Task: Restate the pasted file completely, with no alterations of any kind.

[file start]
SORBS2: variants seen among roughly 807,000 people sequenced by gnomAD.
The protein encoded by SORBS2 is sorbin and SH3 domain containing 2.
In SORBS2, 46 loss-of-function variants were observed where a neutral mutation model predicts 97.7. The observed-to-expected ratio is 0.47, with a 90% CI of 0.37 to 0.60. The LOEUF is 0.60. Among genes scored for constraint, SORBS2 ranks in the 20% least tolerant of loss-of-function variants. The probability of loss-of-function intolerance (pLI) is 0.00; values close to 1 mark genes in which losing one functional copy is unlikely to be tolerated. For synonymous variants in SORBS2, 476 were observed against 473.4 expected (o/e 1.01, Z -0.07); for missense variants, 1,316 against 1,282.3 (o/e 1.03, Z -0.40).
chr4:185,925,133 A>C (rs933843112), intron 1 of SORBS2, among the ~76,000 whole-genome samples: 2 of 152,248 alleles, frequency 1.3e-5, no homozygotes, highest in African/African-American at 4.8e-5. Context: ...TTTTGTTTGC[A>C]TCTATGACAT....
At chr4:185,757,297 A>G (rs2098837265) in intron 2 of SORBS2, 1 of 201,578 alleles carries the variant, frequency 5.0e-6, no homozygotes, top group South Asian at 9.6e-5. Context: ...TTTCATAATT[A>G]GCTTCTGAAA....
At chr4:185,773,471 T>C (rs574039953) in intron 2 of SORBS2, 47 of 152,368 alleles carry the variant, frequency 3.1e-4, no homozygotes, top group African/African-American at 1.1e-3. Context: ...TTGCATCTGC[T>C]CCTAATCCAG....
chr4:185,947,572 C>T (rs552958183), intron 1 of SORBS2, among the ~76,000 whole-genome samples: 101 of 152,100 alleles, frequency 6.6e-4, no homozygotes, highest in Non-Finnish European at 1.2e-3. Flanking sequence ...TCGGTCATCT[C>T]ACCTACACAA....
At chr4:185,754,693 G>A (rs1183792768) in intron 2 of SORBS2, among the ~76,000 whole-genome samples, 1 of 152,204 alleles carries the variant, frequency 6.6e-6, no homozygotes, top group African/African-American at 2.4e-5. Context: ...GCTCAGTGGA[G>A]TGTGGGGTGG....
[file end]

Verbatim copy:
SORBS2: variants seen among roughly 807,000 people sequenced by gnomAD.
The protein encoded by SORBS2 is sorbin and SH3 domain containing 2.
In SORBS2, 46 loss-of-function variants were observed where a neutral mutation model predicts 97.7. The observed-to-expected ratio is 0.47, with a 90% CI of 0.37 to 0.60. The LOEUF is 0.60. Among genes scored for constraint, SORBS2 ranks in the 20% least tolerant of loss-of-function variants. The probability of loss-of-function intolerance (pLI) is 0.00; values close to 1 mark genes in which losing one functional copy is unlikely to be tolerated. For synonymous variants in SORBS2, 476 were observed against 473.4 expected (o/e 1.01, Z -0.07); for missense variants, 1,316 against 1,282.3 (o/e 1.03, Z -0.40).
chr4:185,925,133 A>C (rs933843112), intron 1 of SORBS2, among the ~76,000 whole-genome samples: 2 of 152,248 alleles, frequency 1.3e-5, no homozygotes, highest in African/African-American at 4.8e-5. Context: ...TTTTGTTTGC[A>C]TCTATGACAT....
At chr4:185,757,297 A>G (rs2098837265) in intron 2 of SORBS2, 1 of 201,578 alleles carries the variant, frequency 5.0e-6, no homozygotes, top group South Asian at 9.6e-5. Context: ...TTTCATAATT[A>G]GCTTCTGAAA....
At chr4:185,773,471 T>C (rs574039953) in intron 2 of SORBS2, 47 of 152,368 alleles carry the variant, frequency 3.1e-4, no homozygotes, top group African/African-American at 1.1e-3. Context: ...TTGCATCTGC[T>C]CCTAATCCAG....
chr4:185,947,572 C>T (rs552958183), intron 1 of SORBS2, among the ~76,000 whole-genome samples: 101 of 152,100 alleles, frequency 6.6e-4, no homozygotes, highest in Non-Finnish European at 1.2e-3. Flanking sequence ...TCGGTCATCT[C>T]ACCTACACAA....
At chr4:185,754,693 G>A (rs1183792768) in intron 2 of SORBS2, among the ~76,000 whole-genome samples, 1 of 152,204 alleles carries the variant, frequency 6.6e-6, no homozygotes, top group African/African-American at 2.4e-5. Context: ...GCTCAGTGGA[G>A]TGTGGGGTGG....